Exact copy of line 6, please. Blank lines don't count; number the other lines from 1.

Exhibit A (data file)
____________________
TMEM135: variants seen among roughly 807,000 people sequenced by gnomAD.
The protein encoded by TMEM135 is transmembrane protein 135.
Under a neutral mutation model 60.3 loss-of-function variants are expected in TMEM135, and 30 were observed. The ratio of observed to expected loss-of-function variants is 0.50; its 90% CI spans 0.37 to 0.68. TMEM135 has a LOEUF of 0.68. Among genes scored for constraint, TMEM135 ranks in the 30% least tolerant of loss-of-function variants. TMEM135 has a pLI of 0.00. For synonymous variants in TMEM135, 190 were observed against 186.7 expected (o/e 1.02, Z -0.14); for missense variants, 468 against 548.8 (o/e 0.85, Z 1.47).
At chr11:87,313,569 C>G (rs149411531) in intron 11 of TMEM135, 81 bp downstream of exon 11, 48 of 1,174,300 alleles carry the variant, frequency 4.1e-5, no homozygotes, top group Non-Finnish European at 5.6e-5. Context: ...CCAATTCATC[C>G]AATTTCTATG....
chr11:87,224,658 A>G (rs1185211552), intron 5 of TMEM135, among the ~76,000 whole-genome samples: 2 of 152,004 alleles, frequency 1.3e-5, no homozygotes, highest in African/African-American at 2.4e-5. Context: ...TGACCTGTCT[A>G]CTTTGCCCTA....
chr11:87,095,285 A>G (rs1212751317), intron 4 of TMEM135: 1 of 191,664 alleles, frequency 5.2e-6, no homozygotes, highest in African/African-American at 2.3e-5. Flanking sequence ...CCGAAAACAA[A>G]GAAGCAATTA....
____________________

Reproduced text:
chr11:87,095,285 A>G (rs1212751317), intron 4 of TMEM135: 1 of 191,664 alleles, frequency 5.2e-6, no homozygotes, highest in African/African-American at 2.3e-5. Flanking sequence ...CCGAAAACAA[A>G]GAAGCAATTA....